Americans in Pyongyang

NYPO in Pyongyang - from AFP

With typically bad timing my travel arrangements didn’t work out. I caught the Star-Spangled Banner and the first movement of the New World Symphony in the car on the way to the airport, but missed the North Korean anthem which opened the broadcast, and of course all the encores — including the tearful Arirang (by that time I was in the departure lounge and out of reach of WQXR national public radio 96.3 FM.)

NYT front pageOn Monday, the New York Philharmonic’s trip to the DPRK was on the front page of the Arts section of the New York Times. On Tuesday, the day of the NYPO concert itself, the trip was on the front page of the main section, reporting on the concert that the Koreans had put on for their American guests the previous day. The next day there was still room for a photo on the front page of the main section (right), while the reports of the NYPO concert were on inside pages.

The FT, as the only UK newspaper with a permanent bureau in Korea, was well placed to provide coverage, and Anna Fifield made the trip to Pyongyang to report on the historic act of cultural exchange. She also broke the news of the invitation to Eric Clapton to visit Pyongyang — in return for the North Korean State Symphony Orchestra’s planned visit to London later this year. Kim Jong-il’s second son Kim Jong-chol is a well-known Clapton fan, having been spotted at a Clapton gig in Germany in the summer of 2006.

Journalists vied with each other to come up with swords-into-ploughshares musical metaphors. The NYT came up with the following rather ponderous sentence:

They came bearing bows and basses rather than the arms and armor Americans carried the last time this large a contingent set foot in the North Korean capital.

As a former oboist myself, I prefer the opening sentence of the FT’s leader:

Hostile states do not usually send their best oboists across the border to infiltrate the enemy.

In Pyongyang, the audience took a while to warm up, but things were a lot more emotional by the end. Lorin Maazel was reported to have said

We just went out and did our thing, and we began to feel this warmth coming back… It was a stunning reaction. We haven’t seen that kind of enthusiastic reaction in a long time, and we have had some very successful concerts.

The 5 minute ovation was brought on primarily by the final encore, an Arirang.

The next day Maazel conducted the North Korean State Symphony Orchestra in an informal masterclass. Maazel was “totally blown away” reported the NYT, which also rather churlishly added that the musicians “had clearly rehearsed to within an inch of their lives”.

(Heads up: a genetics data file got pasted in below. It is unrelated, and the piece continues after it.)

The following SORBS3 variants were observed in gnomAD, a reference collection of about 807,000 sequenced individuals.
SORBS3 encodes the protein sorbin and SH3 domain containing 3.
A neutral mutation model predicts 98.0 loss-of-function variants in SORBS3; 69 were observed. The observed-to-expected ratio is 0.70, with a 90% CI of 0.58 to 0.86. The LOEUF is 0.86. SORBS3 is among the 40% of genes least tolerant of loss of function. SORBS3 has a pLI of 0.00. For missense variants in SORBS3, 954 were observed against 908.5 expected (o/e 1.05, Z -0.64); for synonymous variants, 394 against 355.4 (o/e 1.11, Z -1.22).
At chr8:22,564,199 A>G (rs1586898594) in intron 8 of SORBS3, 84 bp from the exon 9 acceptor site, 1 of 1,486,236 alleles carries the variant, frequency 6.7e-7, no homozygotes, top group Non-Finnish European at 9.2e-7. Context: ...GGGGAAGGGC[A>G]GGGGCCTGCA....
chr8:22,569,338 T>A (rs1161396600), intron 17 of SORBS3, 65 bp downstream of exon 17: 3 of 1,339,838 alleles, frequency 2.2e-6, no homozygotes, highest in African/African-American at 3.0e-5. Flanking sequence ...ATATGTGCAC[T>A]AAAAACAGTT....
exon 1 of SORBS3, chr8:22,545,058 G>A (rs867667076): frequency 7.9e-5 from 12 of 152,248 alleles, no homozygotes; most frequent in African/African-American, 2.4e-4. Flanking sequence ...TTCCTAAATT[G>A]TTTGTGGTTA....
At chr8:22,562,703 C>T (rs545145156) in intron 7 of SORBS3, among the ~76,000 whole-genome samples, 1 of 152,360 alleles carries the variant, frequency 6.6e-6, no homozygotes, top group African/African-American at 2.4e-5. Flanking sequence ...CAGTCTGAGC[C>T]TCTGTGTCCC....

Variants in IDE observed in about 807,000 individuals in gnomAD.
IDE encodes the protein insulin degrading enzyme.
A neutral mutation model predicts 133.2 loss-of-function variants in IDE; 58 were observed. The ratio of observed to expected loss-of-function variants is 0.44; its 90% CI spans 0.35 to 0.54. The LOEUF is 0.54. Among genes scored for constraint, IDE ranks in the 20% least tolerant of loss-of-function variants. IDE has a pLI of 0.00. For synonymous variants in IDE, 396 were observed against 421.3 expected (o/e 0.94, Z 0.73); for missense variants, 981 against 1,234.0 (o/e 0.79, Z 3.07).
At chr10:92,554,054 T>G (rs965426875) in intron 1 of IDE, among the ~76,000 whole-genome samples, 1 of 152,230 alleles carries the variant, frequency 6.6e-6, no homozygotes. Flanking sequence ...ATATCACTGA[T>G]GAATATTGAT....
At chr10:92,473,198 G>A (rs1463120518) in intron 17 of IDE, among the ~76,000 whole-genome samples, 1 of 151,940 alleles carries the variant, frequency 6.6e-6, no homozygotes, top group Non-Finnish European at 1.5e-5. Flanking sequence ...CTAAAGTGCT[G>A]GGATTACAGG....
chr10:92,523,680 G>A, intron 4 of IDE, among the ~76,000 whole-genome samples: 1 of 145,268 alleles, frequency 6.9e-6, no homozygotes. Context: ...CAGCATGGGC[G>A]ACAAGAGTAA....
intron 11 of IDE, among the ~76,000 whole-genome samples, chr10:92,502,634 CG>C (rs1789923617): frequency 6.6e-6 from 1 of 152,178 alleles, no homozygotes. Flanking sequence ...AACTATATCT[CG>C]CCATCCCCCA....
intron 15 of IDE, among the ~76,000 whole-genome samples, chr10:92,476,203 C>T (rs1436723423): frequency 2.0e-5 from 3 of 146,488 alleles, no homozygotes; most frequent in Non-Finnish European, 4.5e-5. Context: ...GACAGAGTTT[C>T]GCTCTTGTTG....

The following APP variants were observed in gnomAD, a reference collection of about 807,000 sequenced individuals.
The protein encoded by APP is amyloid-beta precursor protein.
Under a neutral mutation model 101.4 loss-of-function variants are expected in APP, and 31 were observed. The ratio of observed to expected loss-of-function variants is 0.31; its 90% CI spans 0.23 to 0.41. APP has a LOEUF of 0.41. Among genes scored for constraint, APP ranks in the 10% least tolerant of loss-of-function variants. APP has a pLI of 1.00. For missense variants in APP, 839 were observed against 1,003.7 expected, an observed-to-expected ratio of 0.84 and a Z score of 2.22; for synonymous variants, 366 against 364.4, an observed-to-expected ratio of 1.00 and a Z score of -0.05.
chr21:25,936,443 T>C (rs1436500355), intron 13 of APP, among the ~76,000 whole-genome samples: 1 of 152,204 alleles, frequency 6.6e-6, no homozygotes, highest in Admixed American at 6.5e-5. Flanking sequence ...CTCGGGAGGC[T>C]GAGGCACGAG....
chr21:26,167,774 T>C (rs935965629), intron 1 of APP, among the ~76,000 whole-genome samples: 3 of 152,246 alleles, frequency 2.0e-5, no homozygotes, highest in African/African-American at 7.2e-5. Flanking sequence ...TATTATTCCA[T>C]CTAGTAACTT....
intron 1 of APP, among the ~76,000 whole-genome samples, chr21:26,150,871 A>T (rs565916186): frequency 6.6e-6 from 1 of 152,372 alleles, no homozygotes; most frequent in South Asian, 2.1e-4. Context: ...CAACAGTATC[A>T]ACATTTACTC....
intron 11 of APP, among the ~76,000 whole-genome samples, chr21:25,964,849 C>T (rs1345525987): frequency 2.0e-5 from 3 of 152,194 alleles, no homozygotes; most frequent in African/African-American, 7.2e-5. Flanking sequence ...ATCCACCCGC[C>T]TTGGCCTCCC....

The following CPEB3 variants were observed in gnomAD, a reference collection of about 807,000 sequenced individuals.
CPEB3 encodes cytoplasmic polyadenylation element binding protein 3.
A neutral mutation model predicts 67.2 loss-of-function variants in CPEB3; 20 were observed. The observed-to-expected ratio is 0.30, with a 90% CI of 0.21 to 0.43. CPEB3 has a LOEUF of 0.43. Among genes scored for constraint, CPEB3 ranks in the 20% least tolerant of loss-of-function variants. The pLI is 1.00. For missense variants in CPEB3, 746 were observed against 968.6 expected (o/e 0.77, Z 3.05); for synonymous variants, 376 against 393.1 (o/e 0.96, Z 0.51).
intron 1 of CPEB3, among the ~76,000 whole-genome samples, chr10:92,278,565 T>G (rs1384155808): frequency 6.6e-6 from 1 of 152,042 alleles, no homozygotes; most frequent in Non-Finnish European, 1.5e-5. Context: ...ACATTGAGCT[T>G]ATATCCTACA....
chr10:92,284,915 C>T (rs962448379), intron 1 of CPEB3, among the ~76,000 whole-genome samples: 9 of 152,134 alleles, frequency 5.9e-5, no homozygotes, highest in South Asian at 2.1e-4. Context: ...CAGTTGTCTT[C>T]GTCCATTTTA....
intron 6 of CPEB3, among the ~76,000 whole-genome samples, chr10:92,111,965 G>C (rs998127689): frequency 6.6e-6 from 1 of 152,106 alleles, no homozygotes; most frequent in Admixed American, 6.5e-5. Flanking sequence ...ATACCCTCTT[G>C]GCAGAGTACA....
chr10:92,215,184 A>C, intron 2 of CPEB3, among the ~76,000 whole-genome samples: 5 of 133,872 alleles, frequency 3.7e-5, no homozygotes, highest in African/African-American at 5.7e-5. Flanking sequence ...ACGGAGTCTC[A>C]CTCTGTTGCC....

Most interesting was a chamber music session on the Wednesday, with the Americans and Koreans performing Mendelssohn’s Octet (inevitably, the Koreans playing second fiddle). While it seems that the minders prevented much verbal interaction, chamber music can only work with good non-verbal communication, and the musical interplay said it all:

The Americans said the North Koreans played with flexibility and responsiveness, matching their subtle shifts in tempo, blow pressure and vibrato, and used body language to communicate. [The NYPO principal cellist] called them “consummate chamber musicians” who played without tentativeness.

After the Octet

After the Octet – photo: Chang W. Lee/The New York Times

In Seoul, the Royal Asiatic Society, Korea Branch, and the Seoul Foreign Correspondents’ Club convened for the Tuesday broadcast. There was some scepticism among those present that musical diplomacy could produce any positive diplomatic or political impact. This clearly makes sense. An American orchestra playing Arirang is not going to make any different to anyone’s compliance with six-party-talk deadlines. But the general consensus among the press — and also articulated by North Korean pianist Kim Chul-woong at the recent Chatham House conference — is that these types of engagement can only be helpful. Here’s Fifield’s account of what happened after the final Arirang:

As the piece closed, the applause was electric. And it put on full display something rarely seen in North Korea: spontaneity. The entire audience was on its feet but this time it was not just the women in traditional dress who were smiling, it was the previously implacable bureaucrats too.

It’s not going to cause regime change, but will help to change perceptions.

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As a postscript, Tom Coyner was monitoring the Tuesday broadcasts at the Seoul Foreign Correspondents’ Club and reports as follows:

I noticed that one had a choice of live television feeds from Pyongyang of the concert. The one we watched most of the time was from CNN who got their feed from the [North] Korean Government. The other feed was from MBC. When I was watching the first part of the concert and switching among channels, I immediately noticed that the MBC broadcast was ahead of the CNN broadcast. In other words, there was a time delay within the DPRK broadcast whereas the MBC broadcast was a true live feed.

Furthermore, as the concert came to the end, those of us watching CNN saw the image abruptly switch to a N Korean talking head commentator for a half second before CNN resumed its programming. We then switched over to MBC where we could watch in progress the prolonged audience and orchestra post-concert interaction.

In other words, those North Koreans who were fortunate to have electricity running were able to watch just the concert and no more. Those who experienced or witnessed the emotional interchange were purposely limited to the elite who comprised the audience and the outside world.

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